Stc.Unm v. Intel Corp.

Decision Date17 September 2014
Docket NumberNo. 2013–1241.,2013–1241.
PartiesSTC.UNM, Plaintiff–Appellant, v. INTEL CORPORATION, Defendant–Appellee.
CourtU.S. Court of Appeals — Federal Circuit


Appeal from the United States District Court for the District of New Mexico, in No. 10–CV–01077, Judge Robert C. Brack.

George C. Summerfield, Stadheim & Grear Ltd., of Chicago, IL, filed a petition for rehearing en banc for plaintiff-appellant. With him on the petition was Rolf O. Stadheim. Of counsel was Steven R. Pedersen.

Robert A. Van Nest, Keker & Van Nest LLP, of San Francisco, CA, filed a response for defendant-appellee. With him on the response were Brian L. Ferrall and Steven A. Hirsch. Of counsel on the response were Dan L. Bagatell and Chad S. Campbell, Perkins Coie LLP, of Phoenix, AR.




A petition for rehearing en banc was filed by plaintiff-appellant STC.UNM, and a response thereto was invited by the court and filed by defendant-appellee Intel Corporation. The petition for rehearing en banc and response were referred to the panel that heard the appeal, and thereafter, the petition for rehearing en banc and response were referred to the circuit judges who are authorized to request a poll of whether to rehear the appeal en banc. A poll was requested, taken, and failed.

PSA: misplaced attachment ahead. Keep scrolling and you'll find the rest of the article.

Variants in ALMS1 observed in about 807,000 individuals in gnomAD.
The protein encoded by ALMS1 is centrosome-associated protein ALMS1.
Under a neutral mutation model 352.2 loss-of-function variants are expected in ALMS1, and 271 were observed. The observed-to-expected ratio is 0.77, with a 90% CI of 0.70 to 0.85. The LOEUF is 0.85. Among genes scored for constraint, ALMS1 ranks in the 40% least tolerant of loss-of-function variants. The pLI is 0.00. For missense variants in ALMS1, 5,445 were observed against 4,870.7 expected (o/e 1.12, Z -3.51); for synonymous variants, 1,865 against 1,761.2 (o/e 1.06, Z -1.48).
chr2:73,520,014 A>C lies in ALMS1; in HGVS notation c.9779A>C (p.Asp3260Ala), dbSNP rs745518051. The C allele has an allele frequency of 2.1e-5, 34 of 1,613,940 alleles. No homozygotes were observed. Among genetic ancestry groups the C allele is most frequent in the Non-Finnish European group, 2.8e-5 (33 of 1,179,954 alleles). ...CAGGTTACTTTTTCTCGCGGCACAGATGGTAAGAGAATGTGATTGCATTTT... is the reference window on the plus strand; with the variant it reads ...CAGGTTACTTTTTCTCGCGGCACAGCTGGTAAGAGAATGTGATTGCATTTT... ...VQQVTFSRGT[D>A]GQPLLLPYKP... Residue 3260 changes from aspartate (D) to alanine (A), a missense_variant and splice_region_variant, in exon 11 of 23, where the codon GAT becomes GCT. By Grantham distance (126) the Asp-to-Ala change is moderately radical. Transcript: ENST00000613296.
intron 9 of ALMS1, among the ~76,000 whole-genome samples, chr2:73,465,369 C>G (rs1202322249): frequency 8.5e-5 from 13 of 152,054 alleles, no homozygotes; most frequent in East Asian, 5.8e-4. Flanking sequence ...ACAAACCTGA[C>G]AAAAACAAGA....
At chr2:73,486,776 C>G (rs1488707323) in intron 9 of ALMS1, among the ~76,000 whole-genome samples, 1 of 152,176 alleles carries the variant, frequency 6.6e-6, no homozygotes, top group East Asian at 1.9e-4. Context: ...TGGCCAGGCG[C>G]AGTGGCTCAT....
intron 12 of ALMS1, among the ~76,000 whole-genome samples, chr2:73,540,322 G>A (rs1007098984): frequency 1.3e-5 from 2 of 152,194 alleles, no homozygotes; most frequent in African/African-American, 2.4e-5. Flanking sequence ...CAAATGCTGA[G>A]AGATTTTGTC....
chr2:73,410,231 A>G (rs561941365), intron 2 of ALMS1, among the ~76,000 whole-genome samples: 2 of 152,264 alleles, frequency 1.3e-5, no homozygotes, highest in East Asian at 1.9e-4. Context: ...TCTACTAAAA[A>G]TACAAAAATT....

Upon consideration thereof,

It is ordered that:

(1) The petition for panel rehearing is denied.

(2) The petition for rehearing en banc is denied.

(3) The mandate of the court will issue on September 24, 2014.

DYK, Circuit Judge, with whom MOORE and TARANTO, Circuit Judges, join, concurs in the denial of the petition for rehearing en banc.

NEWMAN, Circuit Judge, with whom LOURIE, O'MALLEY, and WALLACH, Circuit Judges, join, dissents from the denial of the petition for rehearing en banc.

O'MALLEY, Circuit Judge, with whom NEWMAN, LOURIE, and WALLACH, Circuit Judges, join, dissents from the denial of the petition for rehearing en banc.

DYK, Circuit Judge, with whom MOORE and TARANTO, Circuit Judges, join, concurring in the denial of the petition for rehearing en banc.

In my view, en banc review is properly denied. The panel decision here in no way departs from the proper construction of Rule 19.

Rule 19(a) provides the procedural mechanism by which a party can join necessary parties. It applies if, “in [a] person's absence, the court cannot accord complete relief among existing parties....” Fed.R.Civ.P. 19(a)(1). It goes on to provide that: “If a person has not been joined as required, the court must order that the person be made a party. A person who refuses to join as a plaintiff may be made either a defendant or, in a proper case, an involuntary plaintiff.” Fed.R.Civ.P. 19(a)(2).

Rule 19 by its terms presupposes the existing parties' substantive entitlement to “relief” from another source of law. It therefore does not authorize compulsory joinder when the plaintiff has no substantive right to relief without the consent of that person, i.e., where the right can be asserted only jointly, not unilaterally by the plaintiff. In that situation, without the absent person's consent, the existing plaintiff has no right to “relief” to which Rule 19 applies.